Interview with Morris Law


Today is -August 14, 1990. I am speaking with Mr. Morris Law in his home-in Rocky Mount, Virginia about his experiences as a public sdhool administrator.

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Q: Mr. Law, would you begin by telling us about your family background, you childhood interests and development?

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A: I was born in Rocky Mount. I went to elementary and high school here and then William and Mary for both bachelors and masters degrees. Rocky Mount was always my home town. My father was a carpenter or craftsman; my mother was a housewife. I have one brother and one sister. I have nothing but marvelous memories about my childhood here and what a great little place this was. Everyone knew everyone else and you belonged - a priceless kind of heritage.

Q: Do you have one special memory of your childhood that sticks out in your mind?

A: School; I loved school always. I loved my teachers and I guess that's where I picked up the flair for the dramatic. I majored in speech and drama in undergraduate work, and many of my teachers were always faced with the chore of putting on a skit or a play or a production and, inevitably, I got called on. And, inevitably, I enjoyed it. I guess that's where the liking for the theater and the dramatic all began.

Q: Did you ever get a chance when you were in college to pursue that drama career?

A: Yes, yes I did, alightly. I had one season of summer stock at the Green Mountain Play House in Middlebury, Vermont. And then I played the role of Benjamin Franklin in Paul Green's Common Lore in Williamsburg for some eight or nine summers while I was working on my masters degree at William and Mary, interrupted by a stint in the service and then coming back to complete it. I enjoyed that very much, but I learned enough of the professional theater at that point to have the feeling that I wasn't prepared to make the kinds of sacrifices and pound the pavement, as it used to be called back in those days, to want to pursue that.*

Q: What other kind of preparation did you have for your teaching career?

A: In my undergraduate work at William and Mary, thinking that this yen for the drama might not pan out in terms of career, I took a minor in education so that I would eligible for a certificate if I chose to go that route, and during my two years in the service I had opportunities to do teaching, to work with people in that sense, and all of that sort of jelled and formulated and came together and I thought about maybe that I might like to teach.*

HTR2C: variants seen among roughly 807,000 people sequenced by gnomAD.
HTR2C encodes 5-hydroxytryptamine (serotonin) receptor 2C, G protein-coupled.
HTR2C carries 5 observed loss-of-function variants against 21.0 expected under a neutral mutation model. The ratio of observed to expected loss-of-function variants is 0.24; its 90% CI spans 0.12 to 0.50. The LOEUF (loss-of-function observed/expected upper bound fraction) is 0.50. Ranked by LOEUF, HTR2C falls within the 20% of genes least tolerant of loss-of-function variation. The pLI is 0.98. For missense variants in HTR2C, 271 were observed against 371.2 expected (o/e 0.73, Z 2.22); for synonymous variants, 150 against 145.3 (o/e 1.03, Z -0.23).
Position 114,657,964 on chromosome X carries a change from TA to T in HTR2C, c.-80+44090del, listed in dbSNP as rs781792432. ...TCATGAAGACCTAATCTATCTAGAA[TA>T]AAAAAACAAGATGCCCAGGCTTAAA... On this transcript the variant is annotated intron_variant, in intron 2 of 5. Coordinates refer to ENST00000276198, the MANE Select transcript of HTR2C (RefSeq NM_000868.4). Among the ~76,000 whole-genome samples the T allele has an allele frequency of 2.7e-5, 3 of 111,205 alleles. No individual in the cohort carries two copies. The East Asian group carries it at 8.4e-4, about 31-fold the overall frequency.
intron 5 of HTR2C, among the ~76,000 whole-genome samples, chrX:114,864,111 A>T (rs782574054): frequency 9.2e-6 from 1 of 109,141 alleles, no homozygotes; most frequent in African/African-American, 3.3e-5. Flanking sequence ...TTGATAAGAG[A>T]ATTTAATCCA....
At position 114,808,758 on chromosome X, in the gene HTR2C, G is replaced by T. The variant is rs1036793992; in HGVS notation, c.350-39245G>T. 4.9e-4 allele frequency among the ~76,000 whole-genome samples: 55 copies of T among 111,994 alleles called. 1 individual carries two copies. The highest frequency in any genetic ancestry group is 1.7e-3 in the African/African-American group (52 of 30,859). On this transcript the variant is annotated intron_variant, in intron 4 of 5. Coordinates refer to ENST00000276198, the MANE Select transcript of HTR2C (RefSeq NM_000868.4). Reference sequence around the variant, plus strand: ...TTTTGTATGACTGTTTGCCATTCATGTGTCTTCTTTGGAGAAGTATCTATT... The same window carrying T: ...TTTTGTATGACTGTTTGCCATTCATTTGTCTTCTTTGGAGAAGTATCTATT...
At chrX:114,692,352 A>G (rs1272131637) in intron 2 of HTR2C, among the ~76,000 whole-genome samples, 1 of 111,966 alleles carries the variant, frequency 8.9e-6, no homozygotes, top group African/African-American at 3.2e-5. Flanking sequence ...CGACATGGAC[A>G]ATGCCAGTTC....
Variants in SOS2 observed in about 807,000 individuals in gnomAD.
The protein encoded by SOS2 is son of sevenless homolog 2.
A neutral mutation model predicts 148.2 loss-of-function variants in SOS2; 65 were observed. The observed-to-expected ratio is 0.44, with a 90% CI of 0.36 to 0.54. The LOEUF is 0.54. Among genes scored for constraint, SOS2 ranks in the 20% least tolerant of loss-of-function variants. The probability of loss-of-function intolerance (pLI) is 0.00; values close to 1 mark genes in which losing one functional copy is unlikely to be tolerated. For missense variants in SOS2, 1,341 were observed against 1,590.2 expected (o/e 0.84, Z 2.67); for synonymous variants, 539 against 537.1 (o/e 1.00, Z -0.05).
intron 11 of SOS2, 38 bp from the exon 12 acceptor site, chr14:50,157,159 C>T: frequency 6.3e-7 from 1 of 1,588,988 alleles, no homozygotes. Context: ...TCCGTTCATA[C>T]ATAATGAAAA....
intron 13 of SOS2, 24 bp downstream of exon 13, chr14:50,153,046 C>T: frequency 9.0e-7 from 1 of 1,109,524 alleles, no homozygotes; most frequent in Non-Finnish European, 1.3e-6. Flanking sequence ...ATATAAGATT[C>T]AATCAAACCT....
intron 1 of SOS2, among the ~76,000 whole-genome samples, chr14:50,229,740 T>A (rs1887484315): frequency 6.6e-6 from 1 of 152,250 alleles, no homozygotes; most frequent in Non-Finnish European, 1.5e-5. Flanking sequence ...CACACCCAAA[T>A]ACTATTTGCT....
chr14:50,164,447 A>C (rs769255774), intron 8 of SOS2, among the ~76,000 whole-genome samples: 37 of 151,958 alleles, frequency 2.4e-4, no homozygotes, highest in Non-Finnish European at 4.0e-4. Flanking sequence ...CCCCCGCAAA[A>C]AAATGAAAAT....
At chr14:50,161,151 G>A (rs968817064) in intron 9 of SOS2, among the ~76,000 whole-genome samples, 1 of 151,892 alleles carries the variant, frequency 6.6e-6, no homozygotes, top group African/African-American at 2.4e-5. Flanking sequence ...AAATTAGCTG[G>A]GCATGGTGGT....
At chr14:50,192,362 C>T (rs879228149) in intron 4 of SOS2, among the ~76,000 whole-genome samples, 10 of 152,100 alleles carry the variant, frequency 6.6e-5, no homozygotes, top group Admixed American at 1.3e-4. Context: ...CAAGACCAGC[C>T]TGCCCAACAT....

Q: Did you have an opportunity to do student teaching?

A: No, no. I'm not even sure that in those days in Virginia we had student teaching. At any rate, I didn't participate.

Q: And how many years did you serve as teacher and as principal?

A: I was a teacher from 1953 to 19S7, and I was an assistant principal from 1957 to 1964. I was a principal at a junior high school from 1964 to 1974.

Q: Can you tell us a little bit about the circumstances of your entering the principalship?

A: Yes, well prior to that I had entered teaching a little bit by accident. I had graduated. I had spent two years in the Army and I wasn't quite sure about what direction I wanted to go in or what I wanted to do. I tried a couple of other jobs which I did not like and decided to come home and talk with the then new principal of the new, large, consolidated high school in Rocky Mount, Elton Bonner, by name. We struck it off together and he offered me a job, and it took, as they say. Well, it took so well, and I guess here the drama training comes back into play, a teacher in one sense is a director; a principal is very much a director, and I liked the way Mr. Bonner ran the school, put the show together, as it were. I liked what he was doing and I wanted to be a part of it, and so it was a natural thing for me when he offered me opportunities to move from the classroom into guidance and administration to follow that. Then I had been doing that for a number of years when a new, consolidated, beautiful junior high school was built next door to the high school, and I was offered a choice of two jobs - the principalship of that school or coming to central office. Well it had already jelled in my own mind that I wanted that school. I got it. I'll never regret it.